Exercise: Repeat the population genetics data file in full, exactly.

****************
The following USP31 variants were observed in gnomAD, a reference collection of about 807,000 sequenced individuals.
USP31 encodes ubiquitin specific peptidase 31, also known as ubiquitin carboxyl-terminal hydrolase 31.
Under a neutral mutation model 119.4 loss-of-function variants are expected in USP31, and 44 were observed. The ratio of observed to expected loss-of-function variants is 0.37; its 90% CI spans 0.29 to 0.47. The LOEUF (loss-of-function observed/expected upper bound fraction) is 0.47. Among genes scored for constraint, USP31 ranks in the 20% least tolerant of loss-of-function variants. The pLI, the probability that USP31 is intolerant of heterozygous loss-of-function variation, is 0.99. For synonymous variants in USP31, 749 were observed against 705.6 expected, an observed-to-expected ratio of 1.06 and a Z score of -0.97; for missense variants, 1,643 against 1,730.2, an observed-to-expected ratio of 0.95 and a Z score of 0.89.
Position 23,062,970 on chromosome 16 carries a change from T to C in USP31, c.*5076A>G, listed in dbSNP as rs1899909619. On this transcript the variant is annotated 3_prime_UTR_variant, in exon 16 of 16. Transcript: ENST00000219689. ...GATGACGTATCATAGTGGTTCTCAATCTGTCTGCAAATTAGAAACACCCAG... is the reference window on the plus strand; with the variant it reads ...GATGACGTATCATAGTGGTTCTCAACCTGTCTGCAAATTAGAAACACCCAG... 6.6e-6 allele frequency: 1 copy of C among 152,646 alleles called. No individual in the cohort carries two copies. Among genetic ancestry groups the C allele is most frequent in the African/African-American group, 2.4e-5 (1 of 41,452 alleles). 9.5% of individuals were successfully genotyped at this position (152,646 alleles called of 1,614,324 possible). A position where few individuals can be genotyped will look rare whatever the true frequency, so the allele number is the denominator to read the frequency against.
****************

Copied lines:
The following USP31 variants were observed in gnomAD, a reference collection of about 807,000 sequenced individuals.
USP31 encodes ubiquitin specific peptidase 31, also known as ubiquitin carboxyl-terminal hydrolase 31.
Under a neutral mutation model 119.4 loss-of-function variants are expected in USP31, and 44 were observed. The ratio of observed to expected loss-of-function variants is 0.37; its 90% CI spans 0.29 to 0.47. The LOEUF (loss-of-function observed/expected upper bound fraction) is 0.47. Among genes scored for constraint, USP31 ranks in the 20% least tolerant of loss-of-function variants. The pLI, the probability that USP31 is intolerant of heterozygous loss-of-function variation, is 0.99. For synonymous variants in USP31, 749 were observed against 705.6 expected, an observed-to-expected ratio of 1.06 and a Z score of -0.97; for missense variants, 1,643 against 1,730.2, an observed-to-expected ratio of 0.95 and a Z score of 0.89.
Position 23,062,970 on chromosome 16 carries a change from T to C in USP31, c.*5076A>G, listed in dbSNP as rs1899909619. On this transcript the variant is annotated 3_prime_UTR_variant, in exon 16 of 16. Transcript: ENST00000219689. ...GATGACGTATCATAGTGGTTCTCAATCTGTCTGCAAATTAGAAACACCCAG... is the reference window on the plus strand; with the variant it reads ...GATGACGTATCATAGTGGTTCTCAACCTGTCTGCAAATTAGAAACACCCAG... 6.6e-6 allele frequency: 1 copy of C among 152,646 alleles called. No individual in the cohort carries two copies. Among genetic ancestry groups the C allele is most frequent in the African/African-American group, 2.4e-5 (1 of 41,452 alleles). 9.5% of individuals were successfully genotyped at this position (152,646 alleles called of 1,614,324 possible). A position where few individuals can be genotyped will look rare whatever the true frequency, so the allele number is the denominator to read the frequency against.